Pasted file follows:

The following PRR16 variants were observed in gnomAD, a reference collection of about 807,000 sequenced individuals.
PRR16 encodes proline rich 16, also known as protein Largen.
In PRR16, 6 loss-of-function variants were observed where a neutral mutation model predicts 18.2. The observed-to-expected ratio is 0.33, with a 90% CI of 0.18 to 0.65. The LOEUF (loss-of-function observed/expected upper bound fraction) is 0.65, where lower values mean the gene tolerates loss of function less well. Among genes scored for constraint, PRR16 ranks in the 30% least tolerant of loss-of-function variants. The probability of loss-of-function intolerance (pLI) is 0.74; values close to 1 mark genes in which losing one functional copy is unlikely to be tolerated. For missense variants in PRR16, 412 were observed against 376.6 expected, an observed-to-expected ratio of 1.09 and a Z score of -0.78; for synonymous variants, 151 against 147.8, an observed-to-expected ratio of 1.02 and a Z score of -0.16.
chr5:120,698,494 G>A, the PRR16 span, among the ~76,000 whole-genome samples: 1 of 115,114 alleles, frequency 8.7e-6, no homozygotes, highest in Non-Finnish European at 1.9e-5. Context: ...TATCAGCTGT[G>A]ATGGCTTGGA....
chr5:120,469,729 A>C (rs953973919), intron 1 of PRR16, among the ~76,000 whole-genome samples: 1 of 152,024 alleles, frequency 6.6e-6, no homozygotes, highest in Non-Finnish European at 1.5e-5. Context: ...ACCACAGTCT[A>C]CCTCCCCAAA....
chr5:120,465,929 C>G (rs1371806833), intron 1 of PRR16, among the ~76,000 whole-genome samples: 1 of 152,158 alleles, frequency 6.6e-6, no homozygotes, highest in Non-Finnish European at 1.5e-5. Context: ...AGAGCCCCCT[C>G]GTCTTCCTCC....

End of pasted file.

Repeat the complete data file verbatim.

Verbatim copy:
The following PRR16 variants were observed in gnomAD, a reference collection of about 807,000 sequenced individuals.
PRR16 encodes proline rich 16, also known as protein Largen.
In PRR16, 6 loss-of-function variants were observed where a neutral mutation model predicts 18.2. The observed-to-expected ratio is 0.33, with a 90% CI of 0.18 to 0.65. The LOEUF (loss-of-function observed/expected upper bound fraction) is 0.65, where lower values mean the gene tolerates loss of function less well. Among genes scored for constraint, PRR16 ranks in the 30% least tolerant of loss-of-function variants. The probability of loss-of-function intolerance (pLI) is 0.74; values close to 1 mark genes in which losing one functional copy is unlikely to be tolerated. For missense variants in PRR16, 412 were observed against 376.6 expected, an observed-to-expected ratio of 1.09 and a Z score of -0.78; for synonymous variants, 151 against 147.8, an observed-to-expected ratio of 1.02 and a Z score of -0.16.
chr5:120,698,494 G>A, the PRR16 span, among the ~76,000 whole-genome samples: 1 of 115,114 alleles, frequency 8.7e-6, no homozygotes, highest in Non-Finnish European at 1.9e-5. Context: ...TATCAGCTGT[G>A]ATGGCTTGGA....
chr5:120,469,729 A>C (rs953973919), intron 1 of PRR16, among the ~76,000 whole-genome samples: 1 of 152,024 alleles, frequency 6.6e-6, no homozygotes, highest in Non-Finnish European at 1.5e-5. Context: ...ACCACAGTCT[A>C]CCTCCCCAAA....
chr5:120,465,929 C>G (rs1371806833), intron 1 of PRR16, among the ~76,000 whole-genome samples: 1 of 152,158 alleles, frequency 6.6e-6, no homozygotes, highest in Non-Finnish European at 1.5e-5. Context: ...AGAGCCCCCT[C>G]GTCTTCCTCC....